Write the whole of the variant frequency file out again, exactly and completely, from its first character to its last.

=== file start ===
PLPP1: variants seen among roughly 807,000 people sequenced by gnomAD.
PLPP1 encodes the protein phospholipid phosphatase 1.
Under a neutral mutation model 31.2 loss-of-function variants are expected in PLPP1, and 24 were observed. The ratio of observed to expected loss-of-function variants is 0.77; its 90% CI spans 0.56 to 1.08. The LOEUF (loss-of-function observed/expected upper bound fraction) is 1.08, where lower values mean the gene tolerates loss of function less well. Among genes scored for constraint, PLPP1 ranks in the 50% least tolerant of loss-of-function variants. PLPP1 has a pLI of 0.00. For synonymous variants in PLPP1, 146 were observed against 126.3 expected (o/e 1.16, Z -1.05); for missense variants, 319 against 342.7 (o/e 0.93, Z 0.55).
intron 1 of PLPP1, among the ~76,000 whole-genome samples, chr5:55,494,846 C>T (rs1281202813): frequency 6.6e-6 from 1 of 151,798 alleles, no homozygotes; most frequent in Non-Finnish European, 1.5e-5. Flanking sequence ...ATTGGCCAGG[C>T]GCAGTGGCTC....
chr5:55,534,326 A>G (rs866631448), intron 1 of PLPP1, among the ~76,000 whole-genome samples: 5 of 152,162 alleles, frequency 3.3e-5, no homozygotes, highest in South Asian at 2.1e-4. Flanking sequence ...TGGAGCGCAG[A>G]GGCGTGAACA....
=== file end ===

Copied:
PLPP1: variants seen among roughly 807,000 people sequenced by gnomAD.
PLPP1 encodes the protein phospholipid phosphatase 1.
Under a neutral mutation model 31.2 loss-of-function variants are expected in PLPP1, and 24 were observed. The ratio of observed to expected loss-of-function variants is 0.77; its 90% CI spans 0.56 to 1.08. The LOEUF (loss-of-function observed/expected upper bound fraction) is 1.08, where lower values mean the gene tolerates loss of function less well. Among genes scored for constraint, PLPP1 ranks in the 50% least tolerant of loss-of-function variants. PLPP1 has a pLI of 0.00. For synonymous variants in PLPP1, 146 were observed against 126.3 expected (o/e 1.16, Z -1.05); for missense variants, 319 against 342.7 (o/e 0.93, Z 0.55).
intron 1 of PLPP1, among the ~76,000 whole-genome samples, chr5:55,494,846 C>T (rs1281202813): frequency 6.6e-6 from 1 of 151,798 alleles, no homozygotes; most frequent in Non-Finnish European, 1.5e-5. Flanking sequence ...ATTGGCCAGG[C>T]GCAGTGGCTC....
chr5:55,534,326 A>G (rs866631448), intron 1 of PLPP1, among the ~76,000 whole-genome samples: 5 of 152,162 alleles, frequency 3.3e-5, no homozygotes, highest in South Asian at 2.1e-4. Flanking sequence ...TGGAGCGCAG[A>G]GGCGTGAACA....